He stressed that though “protest is very important in a democracy,” recalling his active participation on the People’s Vote march earlier this year, but that “it’s got to be peaceful and it’s got to be lawful” though he did cite the efforts of the suffragettes as an inspiration.

“When you’re the Mayor of London, one of your jobs is of course to address the climate emergency, and I’ve been doing that for the last 3 years, but also realise that the police have a huge role to play in keeping our city safe, and I’m not going to resile from being an advocate for our police having the resources they need, at the same time I’m going to be their advocate to say listen, these guys need a rest, these officers do a huge amount of importance for our city and actually one of the concerns that Londoners have is making sure they’re focused towards knife crime and other such issues.”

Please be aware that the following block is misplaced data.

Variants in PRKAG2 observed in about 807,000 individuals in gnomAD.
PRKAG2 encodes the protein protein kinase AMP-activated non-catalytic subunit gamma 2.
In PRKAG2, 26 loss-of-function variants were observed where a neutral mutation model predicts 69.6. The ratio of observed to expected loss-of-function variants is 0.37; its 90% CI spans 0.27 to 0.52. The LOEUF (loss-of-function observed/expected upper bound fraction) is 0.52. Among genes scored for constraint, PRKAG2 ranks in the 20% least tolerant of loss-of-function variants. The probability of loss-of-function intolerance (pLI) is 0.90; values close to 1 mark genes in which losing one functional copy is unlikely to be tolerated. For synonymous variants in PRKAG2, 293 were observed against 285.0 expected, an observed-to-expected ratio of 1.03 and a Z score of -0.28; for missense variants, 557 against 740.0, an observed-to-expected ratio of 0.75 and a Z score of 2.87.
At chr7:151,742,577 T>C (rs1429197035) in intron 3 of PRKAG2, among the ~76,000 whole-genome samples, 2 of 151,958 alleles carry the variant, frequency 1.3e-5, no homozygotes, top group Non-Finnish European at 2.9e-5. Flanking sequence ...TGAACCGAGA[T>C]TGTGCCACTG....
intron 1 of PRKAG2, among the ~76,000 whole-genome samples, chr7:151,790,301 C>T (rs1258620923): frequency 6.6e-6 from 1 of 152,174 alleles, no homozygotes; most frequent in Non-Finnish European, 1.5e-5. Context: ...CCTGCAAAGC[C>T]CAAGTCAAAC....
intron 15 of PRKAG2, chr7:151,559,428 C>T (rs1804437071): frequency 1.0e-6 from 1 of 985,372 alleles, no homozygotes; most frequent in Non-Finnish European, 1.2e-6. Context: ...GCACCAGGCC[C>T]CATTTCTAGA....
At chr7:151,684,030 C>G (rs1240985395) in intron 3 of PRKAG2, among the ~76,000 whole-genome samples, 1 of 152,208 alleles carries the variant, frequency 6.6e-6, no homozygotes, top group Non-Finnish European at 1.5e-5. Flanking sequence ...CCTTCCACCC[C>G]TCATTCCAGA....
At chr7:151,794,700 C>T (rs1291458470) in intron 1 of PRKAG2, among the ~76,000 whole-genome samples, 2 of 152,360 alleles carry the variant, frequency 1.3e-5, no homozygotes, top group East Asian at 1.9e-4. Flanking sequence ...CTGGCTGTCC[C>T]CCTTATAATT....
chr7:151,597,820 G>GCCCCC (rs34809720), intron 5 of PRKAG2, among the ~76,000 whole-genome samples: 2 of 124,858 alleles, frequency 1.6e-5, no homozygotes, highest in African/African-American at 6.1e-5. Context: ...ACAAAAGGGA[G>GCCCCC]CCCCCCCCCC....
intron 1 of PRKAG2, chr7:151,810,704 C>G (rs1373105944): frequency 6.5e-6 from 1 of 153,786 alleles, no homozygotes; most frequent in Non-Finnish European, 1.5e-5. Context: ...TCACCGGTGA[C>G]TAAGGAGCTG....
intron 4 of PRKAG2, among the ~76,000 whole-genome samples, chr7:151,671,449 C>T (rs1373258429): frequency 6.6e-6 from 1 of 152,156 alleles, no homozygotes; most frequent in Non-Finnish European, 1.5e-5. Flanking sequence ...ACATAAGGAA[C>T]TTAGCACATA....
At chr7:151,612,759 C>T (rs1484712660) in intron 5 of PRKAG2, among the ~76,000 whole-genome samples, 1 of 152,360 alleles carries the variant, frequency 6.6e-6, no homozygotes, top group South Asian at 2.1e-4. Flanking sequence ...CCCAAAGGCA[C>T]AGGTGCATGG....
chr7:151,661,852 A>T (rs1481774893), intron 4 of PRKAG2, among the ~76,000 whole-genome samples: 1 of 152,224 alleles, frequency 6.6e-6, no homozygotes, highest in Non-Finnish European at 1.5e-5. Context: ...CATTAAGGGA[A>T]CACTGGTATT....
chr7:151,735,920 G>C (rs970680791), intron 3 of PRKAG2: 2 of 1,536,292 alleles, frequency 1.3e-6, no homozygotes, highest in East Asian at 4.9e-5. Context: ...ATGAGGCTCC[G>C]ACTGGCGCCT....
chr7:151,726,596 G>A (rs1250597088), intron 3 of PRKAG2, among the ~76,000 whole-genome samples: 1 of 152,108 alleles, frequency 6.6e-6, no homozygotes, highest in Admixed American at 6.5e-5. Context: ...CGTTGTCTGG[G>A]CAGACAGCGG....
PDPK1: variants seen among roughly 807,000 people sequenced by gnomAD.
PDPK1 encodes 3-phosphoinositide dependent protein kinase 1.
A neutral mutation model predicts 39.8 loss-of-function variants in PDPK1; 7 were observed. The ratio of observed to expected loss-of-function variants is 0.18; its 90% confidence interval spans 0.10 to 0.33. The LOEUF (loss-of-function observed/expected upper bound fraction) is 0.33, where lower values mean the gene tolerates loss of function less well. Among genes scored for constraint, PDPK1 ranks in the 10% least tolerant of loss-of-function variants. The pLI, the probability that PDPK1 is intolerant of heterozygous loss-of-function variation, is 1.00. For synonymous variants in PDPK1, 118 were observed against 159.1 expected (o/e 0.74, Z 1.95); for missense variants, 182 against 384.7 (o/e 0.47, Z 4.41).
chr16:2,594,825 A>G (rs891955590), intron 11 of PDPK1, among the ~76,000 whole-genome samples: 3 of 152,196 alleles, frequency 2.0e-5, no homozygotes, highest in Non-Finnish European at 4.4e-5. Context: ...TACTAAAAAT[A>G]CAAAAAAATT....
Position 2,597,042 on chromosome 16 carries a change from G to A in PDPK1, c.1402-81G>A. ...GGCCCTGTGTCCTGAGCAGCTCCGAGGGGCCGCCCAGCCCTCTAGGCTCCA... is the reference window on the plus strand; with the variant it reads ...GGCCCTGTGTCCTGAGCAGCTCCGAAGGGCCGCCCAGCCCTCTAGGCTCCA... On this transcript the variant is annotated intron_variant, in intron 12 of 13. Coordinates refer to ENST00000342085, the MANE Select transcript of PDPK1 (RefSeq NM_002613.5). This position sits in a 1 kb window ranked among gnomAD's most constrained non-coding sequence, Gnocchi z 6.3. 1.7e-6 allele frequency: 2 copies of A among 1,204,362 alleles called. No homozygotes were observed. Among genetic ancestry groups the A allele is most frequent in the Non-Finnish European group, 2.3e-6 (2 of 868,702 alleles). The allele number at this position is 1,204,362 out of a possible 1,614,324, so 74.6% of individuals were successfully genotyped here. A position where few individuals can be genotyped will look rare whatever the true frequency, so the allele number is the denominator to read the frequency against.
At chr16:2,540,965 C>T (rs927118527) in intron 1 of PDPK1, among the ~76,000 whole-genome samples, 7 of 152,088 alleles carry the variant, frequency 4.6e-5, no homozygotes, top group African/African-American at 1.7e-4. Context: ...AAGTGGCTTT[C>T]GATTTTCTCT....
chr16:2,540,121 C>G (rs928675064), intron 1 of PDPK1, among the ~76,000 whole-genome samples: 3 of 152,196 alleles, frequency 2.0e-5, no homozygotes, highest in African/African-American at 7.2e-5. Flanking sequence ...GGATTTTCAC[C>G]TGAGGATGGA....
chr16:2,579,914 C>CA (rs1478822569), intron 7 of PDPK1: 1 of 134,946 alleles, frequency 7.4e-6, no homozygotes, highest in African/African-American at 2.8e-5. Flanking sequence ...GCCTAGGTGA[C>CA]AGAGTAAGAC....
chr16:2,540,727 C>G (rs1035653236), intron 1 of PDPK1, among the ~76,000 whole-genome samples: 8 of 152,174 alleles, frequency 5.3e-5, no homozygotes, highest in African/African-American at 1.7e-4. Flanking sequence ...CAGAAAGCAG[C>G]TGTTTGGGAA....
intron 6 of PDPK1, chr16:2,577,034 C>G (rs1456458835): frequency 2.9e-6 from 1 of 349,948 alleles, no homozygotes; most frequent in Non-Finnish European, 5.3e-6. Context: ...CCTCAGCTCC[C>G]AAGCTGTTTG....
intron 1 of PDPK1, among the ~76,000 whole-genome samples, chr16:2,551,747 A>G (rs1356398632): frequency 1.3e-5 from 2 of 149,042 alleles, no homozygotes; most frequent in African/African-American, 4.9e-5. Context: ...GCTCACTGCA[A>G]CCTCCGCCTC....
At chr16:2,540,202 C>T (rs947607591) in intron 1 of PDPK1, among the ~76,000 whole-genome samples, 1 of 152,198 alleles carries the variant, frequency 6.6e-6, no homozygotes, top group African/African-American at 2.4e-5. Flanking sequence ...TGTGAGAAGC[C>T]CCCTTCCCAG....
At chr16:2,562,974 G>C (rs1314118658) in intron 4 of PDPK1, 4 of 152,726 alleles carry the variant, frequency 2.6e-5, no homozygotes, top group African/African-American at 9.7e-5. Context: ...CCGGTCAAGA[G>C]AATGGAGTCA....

A spokesperson for Extinction Rebellion told Unearthed: “Business as usual cannot be allowed to continue. In order to address the climate and ecological emergency, we have to transform the way we approach politics. We have to restructure our entire economic system and seriously interrogate the beliefs on which it is based.